In an Edutopia blog ,Ten Steps to Better Student Engagement, Tristan de Frondeville describes the importance of teachers being conscious of their students’ degree of engagement. He suggests cultivating an engagement meter:
“Be acutely aware of when your students are paying strong attention or are deeply engaged in their tasks. Master teachers create an active-learning environment in which students are on task in their thinking and speaking or are collaboratively working close to 100 percent of the time. Such teachers notice and measure not only when students are on task but also the quality of their engagement.
Although it may take years to develop the repertoire of skills and lessons that enable you to permanently create this active-learning environment, you can begin by discerning which activities truly engage your students. The more brutally honest you are with yourself, the faster you will get there.”
I recently spent a day with high school administrators and department chairpersons observing students with a focus on “who was engaged” and “at what level of engagement”. After our observations I asked them to discuss their interpretations using the following continuum.
Fear Attention Comfort Bored
What do you see and hear that would cause you to think students are bored?
What do you consider signs of attention?
I described that the desirable engagement spot is between attention and fear (anxiety)….a very focused, leaned in. purposeful attention. As a teacher I like to maximize the amount of time that I can maintain that focus with students.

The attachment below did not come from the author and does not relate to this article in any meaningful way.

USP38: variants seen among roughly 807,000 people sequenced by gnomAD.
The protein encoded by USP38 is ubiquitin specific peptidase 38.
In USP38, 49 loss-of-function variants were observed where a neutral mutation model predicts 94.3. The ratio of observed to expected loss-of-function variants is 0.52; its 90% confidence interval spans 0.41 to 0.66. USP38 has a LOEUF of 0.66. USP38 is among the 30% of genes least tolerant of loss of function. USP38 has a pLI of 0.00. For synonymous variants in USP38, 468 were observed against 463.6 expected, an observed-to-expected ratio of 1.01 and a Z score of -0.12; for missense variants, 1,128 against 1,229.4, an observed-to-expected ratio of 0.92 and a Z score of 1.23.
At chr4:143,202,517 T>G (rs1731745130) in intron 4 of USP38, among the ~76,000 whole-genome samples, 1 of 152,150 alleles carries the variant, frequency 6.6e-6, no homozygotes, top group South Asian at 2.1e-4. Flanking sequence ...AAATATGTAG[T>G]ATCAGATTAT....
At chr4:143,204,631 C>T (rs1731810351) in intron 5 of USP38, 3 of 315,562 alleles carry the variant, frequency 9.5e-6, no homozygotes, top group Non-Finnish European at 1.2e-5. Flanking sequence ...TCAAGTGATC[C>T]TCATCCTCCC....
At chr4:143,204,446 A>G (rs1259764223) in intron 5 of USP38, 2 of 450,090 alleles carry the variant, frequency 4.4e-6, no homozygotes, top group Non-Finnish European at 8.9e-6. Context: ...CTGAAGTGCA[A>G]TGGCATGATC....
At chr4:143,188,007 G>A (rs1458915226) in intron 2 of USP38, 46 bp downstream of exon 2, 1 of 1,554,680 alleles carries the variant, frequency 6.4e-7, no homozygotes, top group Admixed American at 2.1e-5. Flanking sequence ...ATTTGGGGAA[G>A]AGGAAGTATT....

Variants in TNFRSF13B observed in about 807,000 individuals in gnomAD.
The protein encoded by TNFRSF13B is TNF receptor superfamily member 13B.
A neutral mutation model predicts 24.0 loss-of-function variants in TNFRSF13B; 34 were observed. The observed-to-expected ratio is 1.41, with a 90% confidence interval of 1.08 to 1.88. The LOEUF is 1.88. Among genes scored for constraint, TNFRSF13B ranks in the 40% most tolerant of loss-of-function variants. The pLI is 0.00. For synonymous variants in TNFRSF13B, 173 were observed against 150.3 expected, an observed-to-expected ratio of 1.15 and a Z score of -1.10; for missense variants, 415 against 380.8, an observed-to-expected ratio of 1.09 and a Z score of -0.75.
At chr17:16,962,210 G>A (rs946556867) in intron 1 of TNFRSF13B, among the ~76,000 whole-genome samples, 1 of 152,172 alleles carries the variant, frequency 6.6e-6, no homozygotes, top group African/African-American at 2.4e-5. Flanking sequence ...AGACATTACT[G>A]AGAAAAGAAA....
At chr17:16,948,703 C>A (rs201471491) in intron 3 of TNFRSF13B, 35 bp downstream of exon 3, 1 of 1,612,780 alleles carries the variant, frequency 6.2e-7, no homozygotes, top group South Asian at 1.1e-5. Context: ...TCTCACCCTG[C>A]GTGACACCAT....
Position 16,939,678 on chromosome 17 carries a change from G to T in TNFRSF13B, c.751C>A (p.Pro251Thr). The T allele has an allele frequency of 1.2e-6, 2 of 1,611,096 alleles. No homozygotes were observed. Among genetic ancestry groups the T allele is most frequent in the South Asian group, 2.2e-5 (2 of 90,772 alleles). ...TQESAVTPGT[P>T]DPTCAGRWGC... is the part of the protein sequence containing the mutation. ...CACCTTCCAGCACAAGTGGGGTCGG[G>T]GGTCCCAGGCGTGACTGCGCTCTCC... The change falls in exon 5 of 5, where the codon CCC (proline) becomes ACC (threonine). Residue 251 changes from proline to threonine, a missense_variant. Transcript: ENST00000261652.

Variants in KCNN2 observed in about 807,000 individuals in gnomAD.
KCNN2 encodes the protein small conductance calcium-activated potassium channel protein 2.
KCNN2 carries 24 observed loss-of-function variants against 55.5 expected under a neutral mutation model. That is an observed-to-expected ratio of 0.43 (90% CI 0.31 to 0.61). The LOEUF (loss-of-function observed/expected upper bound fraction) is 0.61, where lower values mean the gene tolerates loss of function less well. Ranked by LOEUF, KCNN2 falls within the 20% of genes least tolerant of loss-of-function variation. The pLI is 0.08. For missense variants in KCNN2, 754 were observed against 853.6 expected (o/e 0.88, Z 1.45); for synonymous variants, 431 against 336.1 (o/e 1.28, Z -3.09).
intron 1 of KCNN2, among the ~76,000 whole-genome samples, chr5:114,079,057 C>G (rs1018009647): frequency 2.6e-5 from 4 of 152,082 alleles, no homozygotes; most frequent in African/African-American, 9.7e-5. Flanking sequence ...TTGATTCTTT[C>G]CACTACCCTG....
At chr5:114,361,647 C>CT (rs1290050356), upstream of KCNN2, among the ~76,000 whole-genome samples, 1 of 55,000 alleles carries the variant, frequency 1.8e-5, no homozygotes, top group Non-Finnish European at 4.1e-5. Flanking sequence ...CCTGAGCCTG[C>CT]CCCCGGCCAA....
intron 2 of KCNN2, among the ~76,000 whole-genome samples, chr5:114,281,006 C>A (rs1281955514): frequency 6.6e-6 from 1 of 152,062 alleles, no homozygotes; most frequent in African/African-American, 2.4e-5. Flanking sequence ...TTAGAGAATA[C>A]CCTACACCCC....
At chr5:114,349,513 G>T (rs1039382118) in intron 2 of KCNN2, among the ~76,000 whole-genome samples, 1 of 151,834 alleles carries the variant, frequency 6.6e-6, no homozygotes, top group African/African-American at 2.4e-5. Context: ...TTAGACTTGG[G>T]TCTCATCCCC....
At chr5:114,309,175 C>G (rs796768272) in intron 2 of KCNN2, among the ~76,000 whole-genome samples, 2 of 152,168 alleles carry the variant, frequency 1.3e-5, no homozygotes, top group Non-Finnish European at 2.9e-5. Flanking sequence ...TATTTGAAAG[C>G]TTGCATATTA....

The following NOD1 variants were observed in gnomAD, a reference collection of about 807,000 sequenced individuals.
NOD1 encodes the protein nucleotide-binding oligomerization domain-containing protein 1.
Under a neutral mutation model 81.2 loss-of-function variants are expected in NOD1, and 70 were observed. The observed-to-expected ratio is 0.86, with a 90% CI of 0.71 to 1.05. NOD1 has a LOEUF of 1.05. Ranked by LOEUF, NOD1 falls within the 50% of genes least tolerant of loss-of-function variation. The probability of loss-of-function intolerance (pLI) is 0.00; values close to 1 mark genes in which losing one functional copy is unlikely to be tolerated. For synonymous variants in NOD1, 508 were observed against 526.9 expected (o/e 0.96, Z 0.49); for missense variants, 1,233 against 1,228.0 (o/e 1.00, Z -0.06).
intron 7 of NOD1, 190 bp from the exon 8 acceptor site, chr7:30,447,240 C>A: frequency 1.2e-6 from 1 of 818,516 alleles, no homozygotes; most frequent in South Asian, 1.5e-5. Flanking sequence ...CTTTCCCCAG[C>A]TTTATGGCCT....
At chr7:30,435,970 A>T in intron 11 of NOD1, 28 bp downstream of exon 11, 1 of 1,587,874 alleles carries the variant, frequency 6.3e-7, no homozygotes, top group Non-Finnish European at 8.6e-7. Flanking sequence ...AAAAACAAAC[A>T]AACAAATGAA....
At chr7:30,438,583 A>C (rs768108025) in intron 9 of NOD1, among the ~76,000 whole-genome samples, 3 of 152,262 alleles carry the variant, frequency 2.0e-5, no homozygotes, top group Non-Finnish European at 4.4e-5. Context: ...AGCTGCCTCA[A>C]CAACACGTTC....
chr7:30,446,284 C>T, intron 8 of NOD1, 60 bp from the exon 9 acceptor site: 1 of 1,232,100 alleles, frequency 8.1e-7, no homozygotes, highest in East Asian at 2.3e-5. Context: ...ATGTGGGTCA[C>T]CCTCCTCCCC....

What do you see and hear as students move from high focus to comfortable? What are signs that students are too comfortable?
What are signs that students are becoming too anxious?
The indicators of engagement differ among students and among learning activities. That’s why I find engagement to be a great topic for coaching and professional learning.
Here are the next steps I outlined for this high school leadership team:
Department heads will spend a day observing in their own and other departments teamed with administrators.
1. Prior to doing the observations, the group will meet and list the desired student behaviors they believe will increase student achievement. They need to develop an extensive, detailed list. (Admin team may want to do this in advance to prime the thinking.)
Here are starters:
Students presenting or teaching
Student risk taking
Students solving real problems
Students writing, producing, creating
Students self assessing and setting goals
2. Complete the observations (in groups of two or three) stopping frequently to discuss observation notes, keeping focused on ALL students.
Bring the group together and discuss:
How often did we find these behaviors? Where were they most prevalent? Where were they missing?
Did we see things that we thought were interfering with the advancement of student achievement?
How would we describe our observations on the Fear…Attention…Comfort…Bored continuum?
How strongly do leaders feel that change is needed?
How committed are leaders to assisting teachers in developing an “awareness to” and “options for” increasing student engagement along these lines?
At this point the team can identify their desire and commitment to planning for staff learning.
I look forward to my return to the school and a chance to learn about the team’s experiences.